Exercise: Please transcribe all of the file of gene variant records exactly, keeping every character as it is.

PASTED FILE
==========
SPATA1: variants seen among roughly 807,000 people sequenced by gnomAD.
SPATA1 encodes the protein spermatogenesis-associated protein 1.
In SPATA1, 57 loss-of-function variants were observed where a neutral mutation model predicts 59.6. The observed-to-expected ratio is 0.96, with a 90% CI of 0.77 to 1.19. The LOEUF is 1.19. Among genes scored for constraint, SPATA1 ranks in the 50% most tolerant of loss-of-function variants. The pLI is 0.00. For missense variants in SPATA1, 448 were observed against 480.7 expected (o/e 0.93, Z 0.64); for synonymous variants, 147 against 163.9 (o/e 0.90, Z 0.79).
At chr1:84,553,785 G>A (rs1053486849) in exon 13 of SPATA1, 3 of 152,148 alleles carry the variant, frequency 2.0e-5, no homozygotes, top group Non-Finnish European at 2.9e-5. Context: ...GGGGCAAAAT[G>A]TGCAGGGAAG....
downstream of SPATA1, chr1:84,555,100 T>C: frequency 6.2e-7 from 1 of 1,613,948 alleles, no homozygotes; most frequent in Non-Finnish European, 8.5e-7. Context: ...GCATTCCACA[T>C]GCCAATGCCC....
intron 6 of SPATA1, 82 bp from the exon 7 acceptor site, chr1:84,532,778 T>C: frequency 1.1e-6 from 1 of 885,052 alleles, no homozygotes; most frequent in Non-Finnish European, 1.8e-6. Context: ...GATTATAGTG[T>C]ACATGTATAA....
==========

SPATA1: variants seen among roughly 807,000 people sequenced by gnomAD.
SPATA1 encodes the protein spermatogenesis-associated protein 1.
In SPATA1, 57 loss-of-function variants were observed where a neutral mutation model predicts 59.6. The observed-to-expected ratio is 0.96, with a 90% CI of 0.77 to 1.19. The LOEUF is 1.19. Among genes scored for constraint, SPATA1 ranks in the 50% most tolerant of loss-of-function variants. The pLI is 0.00. For missense variants in SPATA1, 448 were observed against 480.7 expected (o/e 0.93, Z 0.64); for synonymous variants, 147 against 163.9 (o/e 0.90, Z 0.79).
At chr1:84,553,785 G>A (rs1053486849) in exon 13 of SPATA1, 3 of 152,148 alleles carry the variant, frequency 2.0e-5, no homozygotes, top group Non-Finnish European at 2.9e-5. Context: ...GGGGCAAAAT[G>A]TGCAGGGAAG....
downstream of SPATA1, chr1:84,555,100 T>C: frequency 6.2e-7 from 1 of 1,613,948 alleles, no homozygotes; most frequent in Non-Finnish European, 8.5e-7. Context: ...GCATTCCACA[T>C]GCCAATGCCC....
intron 6 of SPATA1, 82 bp from the exon 7 acceptor site, chr1:84,532,778 T>C: frequency 1.1e-6 from 1 of 885,052 alleles, no homozygotes; most frequent in Non-Finnish European, 1.8e-6. Context: ...GATTATAGTG[T>C]ACATGTATAA....